The Drunken Cyclist’s 2021 Rosé Review Panel Awards Bells Up Prelude 92 Points

For the first time ever we sent off a bottle of our “Brosé” (2020 Prelude Estate Rosé of Pinot Noir) to Houston-based wine writer and reviewer Jeff Kralik, who blogs under the moniker “The Drunken Cyclist.” Annually since 2017, Kralik has conducted what he believes to be the largest blind tasting of American “True Rosés.” This year’s tasting saw 68 entries, which were sampled (four at a time), reviewed and scored by a small collection of local wine professionals from the Houston area.

Kralik, who began his career in education teaching high school French, math and history, would spend his summer vacations in France as a cycling tour guide through the country’s wine regions. While he initially thought his blog — which he began in 2012 — would devote equal portions of content to wine and to cycling, it has evolved to an exclusive focus on wine. (Note: Kralik actively discourages inebriated bike riding, but kept the name as-is because “The Guy Who Rides a Bike Hard in the Morning So He Can Enjoy a Nice Bottle of Wine With Dinner and Not Feel Guilty About It” is too long, he says.)

As noted before, the blind tasting focuses solely on “True Rosés.” Kralik explains:

What is a “True Rosé”?

Well, there are essentially three ways to make a rosé wine. The first, which is rarely practiced outside of sparkling wine production, is a simple blend of red wine and white wine. The second, which is widely practiced around the world, is called the Saignée Method where shortly after a red grape crush, a portion of the grape juice (after brief contact with the skins) is bled off (“saigné” means “bled” in French). This bled off wine is then vinified as if it were a white wine.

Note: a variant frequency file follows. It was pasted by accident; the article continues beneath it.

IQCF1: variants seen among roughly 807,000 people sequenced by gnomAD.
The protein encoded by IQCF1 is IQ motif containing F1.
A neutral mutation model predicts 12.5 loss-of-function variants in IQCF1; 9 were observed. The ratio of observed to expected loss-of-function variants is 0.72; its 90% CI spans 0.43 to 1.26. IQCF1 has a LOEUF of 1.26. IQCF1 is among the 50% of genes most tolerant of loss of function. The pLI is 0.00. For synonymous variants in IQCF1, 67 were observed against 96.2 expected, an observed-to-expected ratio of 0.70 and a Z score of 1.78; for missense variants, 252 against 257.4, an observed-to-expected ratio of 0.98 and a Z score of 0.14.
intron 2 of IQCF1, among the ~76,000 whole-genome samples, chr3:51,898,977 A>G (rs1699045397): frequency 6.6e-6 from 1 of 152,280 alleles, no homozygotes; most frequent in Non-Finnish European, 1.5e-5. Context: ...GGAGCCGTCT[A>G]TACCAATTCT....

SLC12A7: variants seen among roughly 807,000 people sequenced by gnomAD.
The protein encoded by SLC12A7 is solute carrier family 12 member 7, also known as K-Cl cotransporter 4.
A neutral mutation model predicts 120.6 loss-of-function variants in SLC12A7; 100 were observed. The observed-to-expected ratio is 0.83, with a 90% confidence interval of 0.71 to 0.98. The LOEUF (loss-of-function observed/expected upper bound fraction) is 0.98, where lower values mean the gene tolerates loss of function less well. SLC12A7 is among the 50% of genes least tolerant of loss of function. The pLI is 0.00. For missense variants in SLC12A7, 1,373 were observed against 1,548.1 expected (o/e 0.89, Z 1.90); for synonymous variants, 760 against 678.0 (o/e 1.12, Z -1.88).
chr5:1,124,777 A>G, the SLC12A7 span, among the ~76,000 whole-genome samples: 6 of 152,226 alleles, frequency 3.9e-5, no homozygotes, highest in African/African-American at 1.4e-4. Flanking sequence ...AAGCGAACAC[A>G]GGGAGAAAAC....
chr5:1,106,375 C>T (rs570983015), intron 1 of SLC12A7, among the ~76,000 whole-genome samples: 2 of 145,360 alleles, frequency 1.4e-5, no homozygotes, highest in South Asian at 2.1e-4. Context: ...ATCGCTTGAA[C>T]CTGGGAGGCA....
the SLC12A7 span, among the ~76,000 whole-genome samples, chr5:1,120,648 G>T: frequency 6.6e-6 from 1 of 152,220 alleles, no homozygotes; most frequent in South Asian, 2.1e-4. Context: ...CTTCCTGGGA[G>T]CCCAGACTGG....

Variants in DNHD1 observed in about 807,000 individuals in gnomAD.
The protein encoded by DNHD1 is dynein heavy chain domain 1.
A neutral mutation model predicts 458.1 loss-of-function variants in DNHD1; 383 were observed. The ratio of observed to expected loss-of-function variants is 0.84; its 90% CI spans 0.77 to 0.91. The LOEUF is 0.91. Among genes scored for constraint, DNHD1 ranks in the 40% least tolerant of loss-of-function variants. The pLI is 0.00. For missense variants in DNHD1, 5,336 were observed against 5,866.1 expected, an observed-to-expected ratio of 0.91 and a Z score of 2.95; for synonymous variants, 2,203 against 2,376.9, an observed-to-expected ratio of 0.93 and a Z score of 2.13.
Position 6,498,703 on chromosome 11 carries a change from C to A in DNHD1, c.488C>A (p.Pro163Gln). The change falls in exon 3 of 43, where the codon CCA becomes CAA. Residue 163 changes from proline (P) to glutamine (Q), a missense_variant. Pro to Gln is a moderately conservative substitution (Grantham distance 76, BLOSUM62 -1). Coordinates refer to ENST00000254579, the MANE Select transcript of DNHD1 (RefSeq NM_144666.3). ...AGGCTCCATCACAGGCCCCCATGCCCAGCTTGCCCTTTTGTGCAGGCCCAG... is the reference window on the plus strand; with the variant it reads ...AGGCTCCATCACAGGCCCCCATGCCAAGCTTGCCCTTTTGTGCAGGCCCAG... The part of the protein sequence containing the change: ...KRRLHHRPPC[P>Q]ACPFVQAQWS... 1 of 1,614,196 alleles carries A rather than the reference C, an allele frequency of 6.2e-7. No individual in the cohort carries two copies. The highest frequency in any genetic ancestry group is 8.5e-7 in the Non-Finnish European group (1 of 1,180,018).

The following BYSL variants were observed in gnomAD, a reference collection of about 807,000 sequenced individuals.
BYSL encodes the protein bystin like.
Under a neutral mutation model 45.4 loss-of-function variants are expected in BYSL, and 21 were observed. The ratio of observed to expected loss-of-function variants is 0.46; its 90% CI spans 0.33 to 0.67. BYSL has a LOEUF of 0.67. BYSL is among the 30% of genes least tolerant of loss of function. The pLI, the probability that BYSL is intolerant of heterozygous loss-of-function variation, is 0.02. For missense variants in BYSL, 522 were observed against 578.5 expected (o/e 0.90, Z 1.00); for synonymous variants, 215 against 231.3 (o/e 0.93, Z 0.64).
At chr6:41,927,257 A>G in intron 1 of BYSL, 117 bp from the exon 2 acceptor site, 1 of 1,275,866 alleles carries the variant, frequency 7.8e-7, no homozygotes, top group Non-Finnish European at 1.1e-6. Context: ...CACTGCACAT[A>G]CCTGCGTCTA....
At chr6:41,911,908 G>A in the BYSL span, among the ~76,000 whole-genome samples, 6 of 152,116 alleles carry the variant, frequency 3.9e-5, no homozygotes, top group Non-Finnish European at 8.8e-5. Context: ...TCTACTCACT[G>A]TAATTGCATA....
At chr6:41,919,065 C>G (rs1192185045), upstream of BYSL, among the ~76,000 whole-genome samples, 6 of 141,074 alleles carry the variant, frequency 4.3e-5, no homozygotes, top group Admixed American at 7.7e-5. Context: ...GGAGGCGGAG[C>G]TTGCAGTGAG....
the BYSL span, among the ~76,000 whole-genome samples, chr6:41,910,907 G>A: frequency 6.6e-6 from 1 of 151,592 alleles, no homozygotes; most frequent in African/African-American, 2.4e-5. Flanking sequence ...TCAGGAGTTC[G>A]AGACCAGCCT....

The third option is what I call a “True Rosé.” In this process, the grapes are raised, picked, and processed with the intention of making rosé. True Rosés are therefore not a byproduct of red wine production, they are intentionally or purposefully made. They are True Rosés.

Bottles of Rosé wine on a kitchen counter

Some of the 64 wines sampled by Jeff Kralik and other Houston wine professionals as part of his annual True Rosé blind tasting event. (Photos courtesy of The Drunken Cyclist)

 

 

Here’s what the panel had to say about 2020 Prelude (which, we were thrilled to note after perusing all the other Willamette Valley entries, had one of the highest scores!)…

2020 Bells Up Winery Pinot Noir Prelude, Willamette Valley, OR: Retail $28. 109 Cases made. Quite red for a rosé. A bit medicinal on the nose with some red fruit. The palate is also quite fruity with some intense acidity. Very nice. Excellent. 92 Points.

2020 Prelude is currently featured in our Maestro Class tasting sessions and available for purchase to take home today or hold for fall shipping (sorry, all the magnums of this wine are sold out).

Contact us by phone at 503.537.1328 or email info@bellsupwinery.com today and we’ll gladly set some Brosé aside for you.

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Bells Up Winery | 27895 NE Bell Road | Newberg, Oregon 97132 | 503.537.1328 | info@bellsupwinery.com

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